I disagree with that plan for two reasons.

(1) I don't care if the Toronto Port Authority has proven to be a country club for Liberal Party supporters. I know the Liberal Party enjoyed seemingly free access to the public coffers this way across a whole pile of federal groups. What I don't need is Conservative Party supporters to use the public coffers to tell me that the Liberal Party used to use the public coffers.

We fought that fight in the last election.

(2) I believe firmly in "local control of local issues", and a federal government appointment process done this way seems out of touch - three of the five appointees aren't from Toronto. Everybody knows the Toronto Airport has caused no end of controversy for the city. It would have been better, to say, appoint local municipal councillors to sit on the TPA - one opposed to the airport, one in support of the airport, and one neutral on the issue (or whatever works out).

The Toronto Port Authority should be governed, at least, in partnership between the City of Toronto, the Province of Ontario, and the Government of Canada. I don't see how keeping the Toronto Port Authority in firm federal hands makes any sense on any level. And, to obviously take it in a direction that is opposed by the City of Toronto seems wrong to me. Even if you oppose the City of Toronto's viewpoint, it's still the City of Toronto's viewpoint.

I'm willing to be corrected on this, but this seems stinky. The concern about uncovering more Liberal waste is speculation, for sure, but come on.

Update: A follow up is posted here.

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Friday, August 25, 2006

Best Line

"Oozes rock deliciousness."

That's my best line ever.

Oh, Lucy ...

Somebody has some explaining to do [Canadian Cerberus, Jason Kenney, Stockwell Day and ties to PMOI/MEK]:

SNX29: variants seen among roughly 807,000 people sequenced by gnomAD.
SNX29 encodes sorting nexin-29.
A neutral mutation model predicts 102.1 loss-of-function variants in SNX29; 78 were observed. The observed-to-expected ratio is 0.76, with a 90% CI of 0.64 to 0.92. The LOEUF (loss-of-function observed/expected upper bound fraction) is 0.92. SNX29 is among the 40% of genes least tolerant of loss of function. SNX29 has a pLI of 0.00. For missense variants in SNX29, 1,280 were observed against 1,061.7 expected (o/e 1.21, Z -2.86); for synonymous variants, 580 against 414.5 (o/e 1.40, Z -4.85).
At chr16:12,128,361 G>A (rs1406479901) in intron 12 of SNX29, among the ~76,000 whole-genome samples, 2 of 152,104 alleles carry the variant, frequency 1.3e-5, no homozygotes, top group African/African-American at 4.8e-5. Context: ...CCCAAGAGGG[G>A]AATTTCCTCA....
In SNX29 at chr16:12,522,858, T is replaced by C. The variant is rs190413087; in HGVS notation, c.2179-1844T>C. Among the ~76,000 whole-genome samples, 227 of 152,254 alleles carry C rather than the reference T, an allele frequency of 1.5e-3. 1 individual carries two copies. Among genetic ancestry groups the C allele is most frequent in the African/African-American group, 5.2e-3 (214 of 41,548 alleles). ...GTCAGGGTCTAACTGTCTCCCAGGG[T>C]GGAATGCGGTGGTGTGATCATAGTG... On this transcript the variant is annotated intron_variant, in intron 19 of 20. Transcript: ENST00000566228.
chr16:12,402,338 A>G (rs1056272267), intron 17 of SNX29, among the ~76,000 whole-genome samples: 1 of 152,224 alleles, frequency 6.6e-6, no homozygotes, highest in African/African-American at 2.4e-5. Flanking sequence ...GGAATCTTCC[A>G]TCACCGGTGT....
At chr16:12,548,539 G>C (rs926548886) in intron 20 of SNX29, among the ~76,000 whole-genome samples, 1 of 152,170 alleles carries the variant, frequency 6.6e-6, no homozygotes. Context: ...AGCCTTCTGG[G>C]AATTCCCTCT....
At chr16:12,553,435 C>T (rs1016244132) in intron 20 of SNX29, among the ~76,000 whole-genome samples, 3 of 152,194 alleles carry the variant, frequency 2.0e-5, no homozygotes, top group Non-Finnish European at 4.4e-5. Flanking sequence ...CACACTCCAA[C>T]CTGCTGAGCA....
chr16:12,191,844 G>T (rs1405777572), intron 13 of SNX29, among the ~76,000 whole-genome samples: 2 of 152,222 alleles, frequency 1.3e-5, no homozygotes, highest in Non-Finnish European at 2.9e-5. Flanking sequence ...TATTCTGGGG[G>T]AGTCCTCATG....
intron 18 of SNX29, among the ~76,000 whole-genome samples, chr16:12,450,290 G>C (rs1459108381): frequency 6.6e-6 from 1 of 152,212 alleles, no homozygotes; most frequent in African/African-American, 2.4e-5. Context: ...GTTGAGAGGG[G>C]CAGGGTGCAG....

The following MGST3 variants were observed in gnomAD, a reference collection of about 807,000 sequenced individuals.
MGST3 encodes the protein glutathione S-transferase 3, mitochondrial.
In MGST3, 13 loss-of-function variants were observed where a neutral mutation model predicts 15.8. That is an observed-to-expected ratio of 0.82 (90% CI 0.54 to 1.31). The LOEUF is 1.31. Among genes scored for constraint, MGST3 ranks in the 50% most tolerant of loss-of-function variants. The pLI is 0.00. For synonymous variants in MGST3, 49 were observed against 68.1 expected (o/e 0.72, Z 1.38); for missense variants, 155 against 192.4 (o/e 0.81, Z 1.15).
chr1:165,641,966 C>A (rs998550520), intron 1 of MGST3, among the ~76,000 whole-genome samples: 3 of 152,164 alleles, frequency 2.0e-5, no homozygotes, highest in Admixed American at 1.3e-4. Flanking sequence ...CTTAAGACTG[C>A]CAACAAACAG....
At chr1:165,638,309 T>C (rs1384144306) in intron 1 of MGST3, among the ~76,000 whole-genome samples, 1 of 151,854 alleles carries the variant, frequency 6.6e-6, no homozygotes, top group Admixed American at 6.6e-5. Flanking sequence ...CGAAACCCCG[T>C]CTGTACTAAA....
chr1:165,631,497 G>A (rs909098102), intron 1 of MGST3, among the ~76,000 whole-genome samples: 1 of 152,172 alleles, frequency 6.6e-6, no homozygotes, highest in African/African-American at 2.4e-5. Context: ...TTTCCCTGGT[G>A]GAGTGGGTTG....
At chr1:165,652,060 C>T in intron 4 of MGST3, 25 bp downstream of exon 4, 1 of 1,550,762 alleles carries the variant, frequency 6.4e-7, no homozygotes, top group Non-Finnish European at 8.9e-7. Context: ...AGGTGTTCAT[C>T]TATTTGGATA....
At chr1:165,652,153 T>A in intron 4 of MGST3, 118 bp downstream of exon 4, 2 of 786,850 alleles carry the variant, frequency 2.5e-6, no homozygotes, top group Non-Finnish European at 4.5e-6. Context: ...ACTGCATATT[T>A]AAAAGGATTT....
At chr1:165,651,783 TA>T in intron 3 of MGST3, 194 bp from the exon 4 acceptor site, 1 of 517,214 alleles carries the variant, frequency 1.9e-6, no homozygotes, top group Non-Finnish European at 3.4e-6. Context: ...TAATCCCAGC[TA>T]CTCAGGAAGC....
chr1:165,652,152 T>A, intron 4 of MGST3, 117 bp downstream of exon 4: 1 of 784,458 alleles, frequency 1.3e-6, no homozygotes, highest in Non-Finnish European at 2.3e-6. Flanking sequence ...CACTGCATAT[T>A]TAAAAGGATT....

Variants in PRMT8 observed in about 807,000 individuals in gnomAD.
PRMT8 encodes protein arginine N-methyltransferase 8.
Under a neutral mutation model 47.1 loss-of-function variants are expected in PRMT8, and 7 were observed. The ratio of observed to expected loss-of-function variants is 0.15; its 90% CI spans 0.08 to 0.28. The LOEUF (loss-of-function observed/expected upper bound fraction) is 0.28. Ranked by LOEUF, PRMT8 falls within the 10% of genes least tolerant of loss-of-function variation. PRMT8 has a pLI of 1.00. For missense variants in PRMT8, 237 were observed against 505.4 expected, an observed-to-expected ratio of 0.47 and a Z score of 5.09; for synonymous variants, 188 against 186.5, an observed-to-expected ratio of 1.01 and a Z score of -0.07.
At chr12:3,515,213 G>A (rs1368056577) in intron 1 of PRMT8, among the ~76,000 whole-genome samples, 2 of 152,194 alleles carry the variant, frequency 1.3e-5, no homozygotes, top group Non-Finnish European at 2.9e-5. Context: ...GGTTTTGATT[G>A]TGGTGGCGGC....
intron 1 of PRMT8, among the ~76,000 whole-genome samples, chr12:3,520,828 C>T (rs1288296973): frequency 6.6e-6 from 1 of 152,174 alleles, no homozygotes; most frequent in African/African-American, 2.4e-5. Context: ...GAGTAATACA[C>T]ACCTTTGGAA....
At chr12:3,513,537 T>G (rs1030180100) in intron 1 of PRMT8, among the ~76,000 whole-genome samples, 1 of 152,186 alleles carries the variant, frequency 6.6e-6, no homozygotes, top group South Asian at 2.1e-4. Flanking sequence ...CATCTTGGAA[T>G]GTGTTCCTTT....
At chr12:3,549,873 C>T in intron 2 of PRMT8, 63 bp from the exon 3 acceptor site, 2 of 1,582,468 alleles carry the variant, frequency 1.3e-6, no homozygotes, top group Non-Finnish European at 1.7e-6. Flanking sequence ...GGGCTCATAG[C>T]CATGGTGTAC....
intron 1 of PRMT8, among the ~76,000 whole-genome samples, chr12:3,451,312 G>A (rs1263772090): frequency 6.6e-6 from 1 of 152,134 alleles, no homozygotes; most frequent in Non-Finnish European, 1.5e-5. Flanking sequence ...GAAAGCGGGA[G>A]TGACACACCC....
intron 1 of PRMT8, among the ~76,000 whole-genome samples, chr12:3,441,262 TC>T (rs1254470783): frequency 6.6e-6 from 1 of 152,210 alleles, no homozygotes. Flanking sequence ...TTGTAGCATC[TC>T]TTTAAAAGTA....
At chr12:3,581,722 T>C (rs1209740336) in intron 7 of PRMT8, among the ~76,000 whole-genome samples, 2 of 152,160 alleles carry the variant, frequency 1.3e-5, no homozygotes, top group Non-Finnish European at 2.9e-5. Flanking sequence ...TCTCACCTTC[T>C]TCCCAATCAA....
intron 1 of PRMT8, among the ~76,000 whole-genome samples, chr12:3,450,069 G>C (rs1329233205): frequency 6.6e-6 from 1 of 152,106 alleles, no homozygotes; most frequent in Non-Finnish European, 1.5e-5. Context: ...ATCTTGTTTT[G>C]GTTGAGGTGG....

For those just tuning in, Jason Kenney is Prime Minister Stephen Harper's Parliamentary Secretary and (let's be honest here) the de facto Deputy Prime Minister and Deputy Minister of Foreign Affairs. Kenney is also the Conservative MP who calls anyone associating (or standing sort of close to even) with anyone who is pro-Hezbollah to be apologists for terrorists.

Jason Kenney is also a guy who recently met with and welcomed an Iranian terrorist group called the People's Mojahedin Organization of Iran (PMOI) and also known as Mujahedin e Khalq (MEK).

...

Stockwell Day is the Minister of Public Safety and Emergency Preparedness. Day is also a friend of that same terrorist group who has sent them his best wishes and who only last year was demanding that it was wrong to put the group on the government terrorist list the government (even though the US did the same thing).

I'm here all day.

As far as I can tell, for consistency's sake, it would seem that, it is either wrong for Members of Parliament to even talk about talking to a group listed as a terrorist organization, or it is conceivable, that "one man's terrorist is another man's freedom fighter."

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Thursday, August 24, 2006

Pluto, a Planet No More

BBC, Pluto loses status as a planet:

Astronomers meeting in the Czech capital have voted to strip Pluto of its status as a planet.

About 2,500 experts were in Prague for the International Astronomical Union's (IAU) general assembly.

Astronomers rejected a proposal that would have retained Pluto as a planet and brought three other objects into the cosmic club.
Spokespeople for Pluto weren't immediately available for comment. :)

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Wednesday, August 23, 2006

James Calder Endorses Storm Large on Rock Star : Supernova

I have a dismal record of picking winners for reality TV.

Anyway, I hope I'm not dooming my choice, but I officially endorse Storm Large to lead Supernova.

She is Super Rock Chick personified. Her voice is incredible. Her look is incredible.

In short, she oozes rock deliciousness.

About Storm, from the Rock Star: Supernova site:
In her critically acclaimed (the press loves Storm) and always-packed revue in a little club in Portland, Oregon, Storm and her band The Balls have collected a devoted following of fans who not only witness one gorgeous, sexy, fearless babe with balls-to-the-wall, tear-the-house-down vocal chops, but an oftentimes ingenious stage performer. A formidable, commanding and one-of-a-kind performer with an inspired, beautiful and ferocious voice, Storm's been described by some as almost transcendental. To put it in more simple terms, you're never bored when Storm's in the house.
More about Storm.